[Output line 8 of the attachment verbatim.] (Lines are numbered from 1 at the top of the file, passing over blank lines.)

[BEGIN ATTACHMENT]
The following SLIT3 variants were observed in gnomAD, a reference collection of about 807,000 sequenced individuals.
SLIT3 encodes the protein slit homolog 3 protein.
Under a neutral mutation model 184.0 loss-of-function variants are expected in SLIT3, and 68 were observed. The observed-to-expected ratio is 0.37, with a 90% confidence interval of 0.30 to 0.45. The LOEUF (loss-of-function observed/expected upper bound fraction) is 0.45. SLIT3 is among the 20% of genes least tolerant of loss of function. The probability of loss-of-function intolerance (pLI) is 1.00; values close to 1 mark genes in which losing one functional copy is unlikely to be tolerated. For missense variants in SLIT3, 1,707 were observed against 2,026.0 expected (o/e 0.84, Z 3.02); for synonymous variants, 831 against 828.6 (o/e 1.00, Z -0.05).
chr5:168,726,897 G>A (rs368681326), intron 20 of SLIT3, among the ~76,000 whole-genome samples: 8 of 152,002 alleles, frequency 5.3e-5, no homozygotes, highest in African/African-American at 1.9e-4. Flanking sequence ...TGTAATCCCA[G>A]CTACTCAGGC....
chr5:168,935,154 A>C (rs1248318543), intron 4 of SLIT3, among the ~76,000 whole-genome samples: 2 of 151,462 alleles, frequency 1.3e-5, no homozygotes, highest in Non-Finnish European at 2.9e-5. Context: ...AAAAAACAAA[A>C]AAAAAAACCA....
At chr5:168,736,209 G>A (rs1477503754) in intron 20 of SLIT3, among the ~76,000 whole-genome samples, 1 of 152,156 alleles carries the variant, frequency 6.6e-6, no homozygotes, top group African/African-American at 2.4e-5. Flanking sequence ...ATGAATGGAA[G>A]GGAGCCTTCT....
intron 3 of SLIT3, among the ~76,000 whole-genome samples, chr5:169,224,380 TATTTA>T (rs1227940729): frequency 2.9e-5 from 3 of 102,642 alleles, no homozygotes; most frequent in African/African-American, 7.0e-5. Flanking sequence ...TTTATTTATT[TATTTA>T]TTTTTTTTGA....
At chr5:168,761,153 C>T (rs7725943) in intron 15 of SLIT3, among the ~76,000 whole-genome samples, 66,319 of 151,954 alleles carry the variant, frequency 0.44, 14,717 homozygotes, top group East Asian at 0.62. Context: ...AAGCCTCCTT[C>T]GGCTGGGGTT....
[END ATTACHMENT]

At chr5:168,761,153 C>T (rs7725943) in intron 15 of SLIT3, among the ~76,000 whole-genome samples, 66,319 of 151,954 alleles carry the variant, frequency 0.44, 14,717 homozygotes, top group East Asian at 0.62. Context: ...AAGCCTCCTT[C>T]GGCTGGGGTT....